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Taking another angle: What if the computer's owner wants to use it to access her computer remotely? Are there some instructions how to do this? Is it feasible?

If not, then there seems little justification to have a relatively new feature like this turned on by default. Who is this feature really for? If it's not for all users then why is activation mandatory in CPUs after Core2?

I mean, if ME has to be active, then the computer's owner should be able to use it, right?




It's marketed as Intel vPro. Pricing is probably typical enterprise level. This page has more details: http://www.intel.com/content/www/us/en/architecture-and-tech...


Intel vPro page is way more scarer than the OP article :)

http://www.intel.com/content/www/us/en/architecture-and-tech...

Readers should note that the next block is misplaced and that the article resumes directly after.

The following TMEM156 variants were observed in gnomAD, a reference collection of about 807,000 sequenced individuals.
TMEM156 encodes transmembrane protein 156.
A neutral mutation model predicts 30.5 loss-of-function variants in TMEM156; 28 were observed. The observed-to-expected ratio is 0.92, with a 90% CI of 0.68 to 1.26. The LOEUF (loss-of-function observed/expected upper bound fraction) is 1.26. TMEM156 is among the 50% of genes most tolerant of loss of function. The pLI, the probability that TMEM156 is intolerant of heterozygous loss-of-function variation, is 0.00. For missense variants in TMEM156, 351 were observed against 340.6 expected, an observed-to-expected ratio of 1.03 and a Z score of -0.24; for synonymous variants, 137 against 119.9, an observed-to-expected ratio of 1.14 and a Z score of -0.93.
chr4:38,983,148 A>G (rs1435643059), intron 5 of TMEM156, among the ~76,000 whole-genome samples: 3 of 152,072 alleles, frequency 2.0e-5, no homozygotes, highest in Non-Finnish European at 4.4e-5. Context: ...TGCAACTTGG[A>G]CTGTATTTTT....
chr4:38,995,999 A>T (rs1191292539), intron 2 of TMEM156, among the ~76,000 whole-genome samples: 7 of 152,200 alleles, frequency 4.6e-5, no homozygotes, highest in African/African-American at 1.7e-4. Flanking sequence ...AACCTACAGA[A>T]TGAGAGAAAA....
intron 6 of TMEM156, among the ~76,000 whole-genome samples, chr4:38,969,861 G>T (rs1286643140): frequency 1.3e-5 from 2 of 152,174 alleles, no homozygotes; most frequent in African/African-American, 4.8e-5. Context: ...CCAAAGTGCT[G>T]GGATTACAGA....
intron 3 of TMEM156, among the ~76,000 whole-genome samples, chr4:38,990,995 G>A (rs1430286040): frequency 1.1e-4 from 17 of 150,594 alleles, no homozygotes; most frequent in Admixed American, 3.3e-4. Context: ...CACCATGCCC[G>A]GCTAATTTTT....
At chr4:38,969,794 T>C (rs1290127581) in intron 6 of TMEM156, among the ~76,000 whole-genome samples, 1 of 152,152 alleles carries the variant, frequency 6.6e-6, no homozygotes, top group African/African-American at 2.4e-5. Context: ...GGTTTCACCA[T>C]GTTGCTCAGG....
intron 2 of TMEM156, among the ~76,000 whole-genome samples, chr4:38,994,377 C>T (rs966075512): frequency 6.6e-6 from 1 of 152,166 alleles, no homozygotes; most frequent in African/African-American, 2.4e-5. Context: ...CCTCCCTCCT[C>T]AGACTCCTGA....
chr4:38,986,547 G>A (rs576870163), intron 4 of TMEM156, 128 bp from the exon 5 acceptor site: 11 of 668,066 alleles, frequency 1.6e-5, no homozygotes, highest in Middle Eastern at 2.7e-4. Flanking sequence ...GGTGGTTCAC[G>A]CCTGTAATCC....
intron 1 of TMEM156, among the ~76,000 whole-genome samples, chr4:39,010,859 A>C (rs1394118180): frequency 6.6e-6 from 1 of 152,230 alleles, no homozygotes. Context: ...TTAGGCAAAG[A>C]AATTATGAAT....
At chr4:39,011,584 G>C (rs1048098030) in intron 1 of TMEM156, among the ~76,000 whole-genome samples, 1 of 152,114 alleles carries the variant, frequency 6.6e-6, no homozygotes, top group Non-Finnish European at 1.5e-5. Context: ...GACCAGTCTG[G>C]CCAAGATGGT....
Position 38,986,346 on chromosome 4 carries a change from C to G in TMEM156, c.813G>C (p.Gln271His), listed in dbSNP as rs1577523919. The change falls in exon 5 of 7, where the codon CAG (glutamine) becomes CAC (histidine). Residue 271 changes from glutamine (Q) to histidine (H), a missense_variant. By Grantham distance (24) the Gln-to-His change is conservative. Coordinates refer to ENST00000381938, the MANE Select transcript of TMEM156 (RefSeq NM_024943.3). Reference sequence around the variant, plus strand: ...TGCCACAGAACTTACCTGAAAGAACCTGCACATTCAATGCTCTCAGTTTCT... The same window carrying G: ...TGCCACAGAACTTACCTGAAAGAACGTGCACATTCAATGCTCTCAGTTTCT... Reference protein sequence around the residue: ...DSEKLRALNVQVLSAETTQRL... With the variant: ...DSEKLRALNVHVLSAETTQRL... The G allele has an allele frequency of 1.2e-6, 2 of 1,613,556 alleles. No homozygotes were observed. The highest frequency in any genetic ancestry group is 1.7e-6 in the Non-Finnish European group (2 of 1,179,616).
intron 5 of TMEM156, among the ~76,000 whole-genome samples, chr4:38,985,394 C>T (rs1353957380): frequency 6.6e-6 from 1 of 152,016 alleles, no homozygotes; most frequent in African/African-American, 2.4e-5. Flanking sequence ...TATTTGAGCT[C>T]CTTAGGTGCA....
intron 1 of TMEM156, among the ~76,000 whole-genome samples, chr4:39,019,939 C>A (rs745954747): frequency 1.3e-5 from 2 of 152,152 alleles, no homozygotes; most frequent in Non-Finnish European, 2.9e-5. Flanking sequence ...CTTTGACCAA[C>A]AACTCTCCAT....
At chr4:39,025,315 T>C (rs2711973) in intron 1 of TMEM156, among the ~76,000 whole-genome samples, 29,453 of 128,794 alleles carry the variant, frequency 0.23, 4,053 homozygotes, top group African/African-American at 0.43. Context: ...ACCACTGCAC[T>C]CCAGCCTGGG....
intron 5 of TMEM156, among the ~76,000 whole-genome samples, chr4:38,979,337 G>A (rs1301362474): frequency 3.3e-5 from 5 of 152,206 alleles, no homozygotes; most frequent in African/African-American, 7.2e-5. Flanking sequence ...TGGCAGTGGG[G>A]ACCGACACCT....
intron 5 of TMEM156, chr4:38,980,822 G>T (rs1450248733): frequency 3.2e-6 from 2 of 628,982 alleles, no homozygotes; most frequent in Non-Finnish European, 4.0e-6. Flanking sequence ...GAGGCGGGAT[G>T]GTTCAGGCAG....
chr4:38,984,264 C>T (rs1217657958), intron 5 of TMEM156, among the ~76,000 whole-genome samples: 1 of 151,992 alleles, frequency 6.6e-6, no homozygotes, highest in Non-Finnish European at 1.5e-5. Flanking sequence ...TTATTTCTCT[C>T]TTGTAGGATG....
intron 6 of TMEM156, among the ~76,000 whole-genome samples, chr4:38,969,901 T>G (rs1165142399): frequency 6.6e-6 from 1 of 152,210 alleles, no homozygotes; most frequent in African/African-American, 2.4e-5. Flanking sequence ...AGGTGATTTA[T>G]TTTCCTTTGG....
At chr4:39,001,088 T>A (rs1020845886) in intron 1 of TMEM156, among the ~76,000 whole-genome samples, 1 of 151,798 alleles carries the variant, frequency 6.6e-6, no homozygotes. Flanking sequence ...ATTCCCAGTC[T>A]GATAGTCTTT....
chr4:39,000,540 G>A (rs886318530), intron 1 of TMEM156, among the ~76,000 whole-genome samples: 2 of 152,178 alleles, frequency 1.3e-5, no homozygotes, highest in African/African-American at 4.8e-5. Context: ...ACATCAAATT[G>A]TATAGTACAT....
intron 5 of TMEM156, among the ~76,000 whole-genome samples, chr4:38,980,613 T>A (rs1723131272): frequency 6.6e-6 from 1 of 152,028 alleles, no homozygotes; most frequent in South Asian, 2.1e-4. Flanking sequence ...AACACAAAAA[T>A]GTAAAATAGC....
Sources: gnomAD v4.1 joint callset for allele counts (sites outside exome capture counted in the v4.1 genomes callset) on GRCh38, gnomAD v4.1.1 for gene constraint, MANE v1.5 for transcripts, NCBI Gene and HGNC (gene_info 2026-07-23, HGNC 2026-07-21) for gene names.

Enterprise console software is likely needed to interface with the chip. And this software is probably priced like most enterprise software.


I think it is intended for enterprises to enable.


If that's the case and enterprises ARE using it - why isn't it more widely known about? Even if the enterprise signs an NDA - I find it surprising that it hasn;t leaked given the security implications.


AFAIK Intel AMT is documented and has been since it was introduced in 2006.


It is intended for the "Intel defined enterprises" to be more precise. Ordinary Joe cannot declare him/her to be an enterprise and do so, unless he/she is willing to pay the Intel "thugs" an inordinate amount upfront.




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